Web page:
Abstract High-elevation phreatophytes were studied to identify environmental parameters influencing daily and seasonal water consumption. The water relations of Salix planifolia, S. wolfii and Betula occidentalis at 2865 m were similar throughout the day. Transpiration was reduced before 1000 hr as a result of dew on the leaves, but high stomatal conductances to water vapor (>15 mm s-1) and transpiration rates (>100 mg m02 s-1) occurred from 1000 to 1600 hr, resulting in daily water losses per unit leaf area of 4.5, 5.2 and 4.0 kg m-2 respectively. Maximum stomatal conductances declined after 1 September in conjunction with minimum air temperatures consistently below 0 C and increased leaf senescence. The period of significant water consumption was from 10 July through 20 September.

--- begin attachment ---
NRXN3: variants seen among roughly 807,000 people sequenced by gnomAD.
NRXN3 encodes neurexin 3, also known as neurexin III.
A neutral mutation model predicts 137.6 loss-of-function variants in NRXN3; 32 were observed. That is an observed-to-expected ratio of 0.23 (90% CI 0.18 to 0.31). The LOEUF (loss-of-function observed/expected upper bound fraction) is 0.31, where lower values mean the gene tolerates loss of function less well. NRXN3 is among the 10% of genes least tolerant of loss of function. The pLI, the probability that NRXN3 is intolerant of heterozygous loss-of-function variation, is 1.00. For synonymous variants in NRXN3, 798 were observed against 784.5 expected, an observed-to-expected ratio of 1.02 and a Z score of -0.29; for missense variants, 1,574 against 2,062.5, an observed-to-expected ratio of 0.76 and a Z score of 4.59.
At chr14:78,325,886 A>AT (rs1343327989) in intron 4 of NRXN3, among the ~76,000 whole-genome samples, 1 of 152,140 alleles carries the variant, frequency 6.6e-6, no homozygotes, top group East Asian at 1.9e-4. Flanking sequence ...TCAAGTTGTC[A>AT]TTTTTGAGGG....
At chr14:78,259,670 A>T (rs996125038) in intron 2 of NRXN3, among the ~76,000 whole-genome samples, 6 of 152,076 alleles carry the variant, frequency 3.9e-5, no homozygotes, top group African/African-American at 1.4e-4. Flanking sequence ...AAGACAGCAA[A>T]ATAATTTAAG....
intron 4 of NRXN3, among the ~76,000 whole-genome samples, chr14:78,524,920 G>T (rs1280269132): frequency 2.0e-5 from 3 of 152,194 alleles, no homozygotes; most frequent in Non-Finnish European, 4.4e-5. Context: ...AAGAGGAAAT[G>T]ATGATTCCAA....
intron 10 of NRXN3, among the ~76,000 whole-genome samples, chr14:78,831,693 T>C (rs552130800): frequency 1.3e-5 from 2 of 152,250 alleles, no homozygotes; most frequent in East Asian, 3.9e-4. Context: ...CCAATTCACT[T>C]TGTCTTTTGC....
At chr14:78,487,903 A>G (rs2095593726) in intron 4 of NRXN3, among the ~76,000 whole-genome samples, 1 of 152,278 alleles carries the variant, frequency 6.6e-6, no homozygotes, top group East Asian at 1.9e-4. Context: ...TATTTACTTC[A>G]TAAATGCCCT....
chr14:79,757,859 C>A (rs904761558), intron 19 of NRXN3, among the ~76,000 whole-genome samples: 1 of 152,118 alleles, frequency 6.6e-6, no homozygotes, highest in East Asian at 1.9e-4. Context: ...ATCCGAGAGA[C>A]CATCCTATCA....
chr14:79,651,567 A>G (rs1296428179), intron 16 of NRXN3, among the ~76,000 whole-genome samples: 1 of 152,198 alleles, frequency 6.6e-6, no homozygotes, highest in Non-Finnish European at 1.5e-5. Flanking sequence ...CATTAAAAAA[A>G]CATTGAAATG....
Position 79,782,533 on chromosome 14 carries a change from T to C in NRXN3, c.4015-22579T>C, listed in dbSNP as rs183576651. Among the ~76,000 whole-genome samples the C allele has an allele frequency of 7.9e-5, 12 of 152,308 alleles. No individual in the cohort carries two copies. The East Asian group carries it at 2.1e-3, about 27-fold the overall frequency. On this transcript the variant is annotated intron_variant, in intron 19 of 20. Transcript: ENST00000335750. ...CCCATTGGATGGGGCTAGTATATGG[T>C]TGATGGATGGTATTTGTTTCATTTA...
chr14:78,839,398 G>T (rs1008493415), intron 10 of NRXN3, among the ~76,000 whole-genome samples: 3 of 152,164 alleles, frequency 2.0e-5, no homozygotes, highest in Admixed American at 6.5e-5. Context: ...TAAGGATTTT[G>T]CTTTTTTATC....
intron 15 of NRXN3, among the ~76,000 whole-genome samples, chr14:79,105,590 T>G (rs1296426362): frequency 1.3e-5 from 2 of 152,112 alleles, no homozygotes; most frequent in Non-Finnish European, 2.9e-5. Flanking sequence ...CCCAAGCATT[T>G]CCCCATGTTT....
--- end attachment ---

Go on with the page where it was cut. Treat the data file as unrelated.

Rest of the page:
Diurnal variations in stomatal conductance of Salix exigua and S. amygdaloides at 2255 m were similar to those at the high-elevation site, but maximum stomatal conductances were only 51% as great. However, transpiration occurred from sunrise to sunset at the lower elevation, resulting in daily water losses of 3.7 and 3.4 kg m-2 of leaf area, respectively. Midday depressions in leaf conductance at the lower site may have been in response to xylem pressure potentials below -1.7 MPa. Seasonally, conductances were constant until a decrease occurred after 15 September, probably due to low temperatures and leaf senescence. The growth season at the low-elevation site was estimated to be from 15 June-30 September.
Although there were differences between the two sites in maximum transpiration rates, microclimate and length of growth season, the data suggest that for both sites and all species examined, stomatal conductance and seasonal water use were most influenced by solar irradiance, dew on leaves, minimum air temperatures and phenology.
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